Gosh, we’re already in the fifth week of my 26-week book challenge, and this week I’m discussing a book that made me cry.
I should probably start by saying that I’m a bit weird when it comes to crying over books (or films, for that matter). There are fantastic books with absolutely heart-rending moments that leave me completely dry-eyed. To pluck a completely random example out of the air, let’s go back to a book that I haven’t discussed at all recently: The Lies of Locke Lamora. Something happens in there that ought to make you bawl. If you’ve read it, you’ll know what bit I mean. But while it knocked me for six, I didn’t cry over it. Yet I can be reading a cheesy romance where you know that the hero and heroine are going to end up living happily ever after, but when they hit the Great Big Misunderstanding I’m crying like a newborn baby.
The basic truth is that I can cry over a book or film quite easily, but I have no idea what it is exactly that sets me off. I thought I was going to cry at the end of The Return of the King (film version), when Frodo sets off for the Undying Lands, but nope. Maybe a bit moist in the corners of the eyes, but no more than that.
There has been one book, however, that made me cry so hard that I literally had to stop reading or risk spoiling the book, and that was Fool’s Errand by Robin Hobb.
I’m going to assume that people reading this have read Robin’s trilogies about Fitz and the Fool. If you haven’t and you’re planning to, here be spoilers. If you don’t want to know (some of) what happens, just skip the rest of this post. I know I personally hate spoilers.
Anyway, Fool’s Errand is the first part of the second trilogy about Fitzchivalry Farseer. I’ve already waxed lyrical in some previous post about how much I love Robin Hobb and how much she’s influenced me, but this is specifically about how she made me cry.
The first trilogy ends quite sad, with Fitz’ sweetheart Molly giving up on him and turning to Burrich instead. Considering how much I was in love with Fitz when reading these books (and still am, a little), I was hurting for him. Still, he was alive, and he had the companionship of his wolf, Nighteyes. Not ordinary companionship of man and animal, of course, because Fitz has the Wit – the ability to link minds with an animal and experience the world as they can. It is a bond deeper than friendship, more than love.
This trilogy picks up the story some fifteen years later, and really, with that I could have seen this one coming. Fitz has matured and is now a thoughtful man of mid-to-late thirties, but Nighteyes is a wolf. Fifteen years is a long time for a wolf. Nighteyes is old, and the punishing chase after Prince Dutiful which takes up a good chunk of the latter part of the book is very, very hard on him.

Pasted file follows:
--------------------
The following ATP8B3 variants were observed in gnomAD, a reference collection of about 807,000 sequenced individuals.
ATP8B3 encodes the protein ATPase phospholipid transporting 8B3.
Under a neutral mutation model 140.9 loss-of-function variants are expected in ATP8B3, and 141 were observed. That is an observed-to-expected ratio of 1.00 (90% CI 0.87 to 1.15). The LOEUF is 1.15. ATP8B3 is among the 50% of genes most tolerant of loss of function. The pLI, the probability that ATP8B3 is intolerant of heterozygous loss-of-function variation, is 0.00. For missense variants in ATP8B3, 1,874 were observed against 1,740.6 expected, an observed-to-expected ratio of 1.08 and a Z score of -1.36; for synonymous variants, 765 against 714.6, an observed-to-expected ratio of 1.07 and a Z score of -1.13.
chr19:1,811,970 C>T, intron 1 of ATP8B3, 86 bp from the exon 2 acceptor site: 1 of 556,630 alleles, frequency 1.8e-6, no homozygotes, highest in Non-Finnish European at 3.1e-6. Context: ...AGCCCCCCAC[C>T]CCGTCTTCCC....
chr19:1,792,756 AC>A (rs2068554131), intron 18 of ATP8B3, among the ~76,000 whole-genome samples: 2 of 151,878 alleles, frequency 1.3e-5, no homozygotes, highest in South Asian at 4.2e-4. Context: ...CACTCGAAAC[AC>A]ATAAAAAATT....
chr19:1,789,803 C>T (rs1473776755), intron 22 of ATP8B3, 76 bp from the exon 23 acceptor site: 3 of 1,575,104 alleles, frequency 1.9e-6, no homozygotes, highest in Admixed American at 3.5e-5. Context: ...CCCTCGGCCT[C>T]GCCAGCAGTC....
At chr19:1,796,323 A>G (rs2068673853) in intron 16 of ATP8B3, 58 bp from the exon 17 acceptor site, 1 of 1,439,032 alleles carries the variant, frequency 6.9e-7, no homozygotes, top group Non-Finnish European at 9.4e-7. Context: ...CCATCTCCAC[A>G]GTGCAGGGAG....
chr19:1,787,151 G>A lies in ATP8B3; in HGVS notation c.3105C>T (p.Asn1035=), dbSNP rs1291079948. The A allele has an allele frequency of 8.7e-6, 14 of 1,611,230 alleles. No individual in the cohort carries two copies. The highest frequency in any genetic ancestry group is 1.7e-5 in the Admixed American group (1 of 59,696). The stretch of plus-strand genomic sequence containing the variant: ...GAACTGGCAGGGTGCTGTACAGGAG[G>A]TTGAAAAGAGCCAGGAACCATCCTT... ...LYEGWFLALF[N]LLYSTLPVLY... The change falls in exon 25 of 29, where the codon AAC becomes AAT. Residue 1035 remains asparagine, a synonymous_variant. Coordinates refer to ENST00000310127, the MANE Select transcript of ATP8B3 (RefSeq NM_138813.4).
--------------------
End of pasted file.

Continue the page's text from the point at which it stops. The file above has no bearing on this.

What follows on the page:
So then I came to this part:
“Good hunting. I’m going now, my brother. He spoke with great determination.
Alone? You can’t bring a buck down alone! I sighed with resignation. Wait, I’ll get up and come with you.
Wait for you? Not likely! I’ve always had to run ahead of you and show you the way.
Swift as thought, he slipped away from me, running down the hillside like a cloud’s shadow when the wind blows. My connection to him frayed away as he went, scattering and floating like dandelion fluff in the wind. Instead of small and secret, I felt our bond go wide and open, as if he had invited all the Witted creatures in the world to share our joining. All the web of life on the whole hillside suddenly swelled within my heart, linked and meshed and woven through with one another. It was too glorious to contain. I had to go with him; a morning this wondrous must be shared.
‘Wait!’ I cried, and in shouting the word, I woke myself. Nearby, the Fool sat up, his hair tousled. I blinked. My mouth was full of salve and wolf-hair, my fingers buried deep in his coat. I clutched him to me, and my grip sighed his last stilled breath out of his lungs. But Nighteyes was gone. Cold rain was cascading down past the mouth of the cave.“
God, I can hardly type this, because my vision’s gone that blurred. This kind of writing, this emotional gut-punch is what lifts a writer from good to amazing. To tug at the heartstrings like that, and make you cry for a character in a book, that is what true talent can achieve.